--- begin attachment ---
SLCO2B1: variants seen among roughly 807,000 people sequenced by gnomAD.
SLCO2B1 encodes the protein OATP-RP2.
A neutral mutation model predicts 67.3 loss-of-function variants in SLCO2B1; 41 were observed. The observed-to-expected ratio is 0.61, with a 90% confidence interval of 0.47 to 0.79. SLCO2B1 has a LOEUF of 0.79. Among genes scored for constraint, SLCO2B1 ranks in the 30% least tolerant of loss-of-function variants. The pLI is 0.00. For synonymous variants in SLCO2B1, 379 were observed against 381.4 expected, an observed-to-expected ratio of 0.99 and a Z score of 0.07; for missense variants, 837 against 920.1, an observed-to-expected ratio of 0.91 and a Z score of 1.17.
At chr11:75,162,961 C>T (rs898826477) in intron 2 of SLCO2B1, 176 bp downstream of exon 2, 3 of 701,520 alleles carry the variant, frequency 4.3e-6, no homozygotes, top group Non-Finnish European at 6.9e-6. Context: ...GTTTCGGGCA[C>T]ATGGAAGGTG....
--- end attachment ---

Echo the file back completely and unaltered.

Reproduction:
SLCO2B1: variants seen among roughly 807,000 people sequenced by gnomAD.
SLCO2B1 encodes the protein OATP-RP2.
A neutral mutation model predicts 67.3 loss-of-function variants in SLCO2B1; 41 were observed. The observed-to-expected ratio is 0.61, with a 90% confidence interval of 0.47 to 0.79. SLCO2B1 has a LOEUF of 0.79. Among genes scored for constraint, SLCO2B1 ranks in the 30% least tolerant of loss-of-function variants. The pLI is 0.00. For synonymous variants in SLCO2B1, 379 were observed against 381.4 expected, an observed-to-expected ratio of 0.99 and a Z score of 0.07; for missense variants, 837 against 920.1, an observed-to-expected ratio of 0.91 and a Z score of 1.17.
At chr11:75,162,961 C>T (rs898826477) in intron 2 of SLCO2B1, 176 bp downstream of exon 2, 3 of 701,520 alleles carry the variant, frequency 4.3e-6, no homozygotes, top group Non-Finnish European at 6.9e-6. Context: ...GTTTCGGGCA[C>T]ATGGAAGGTG....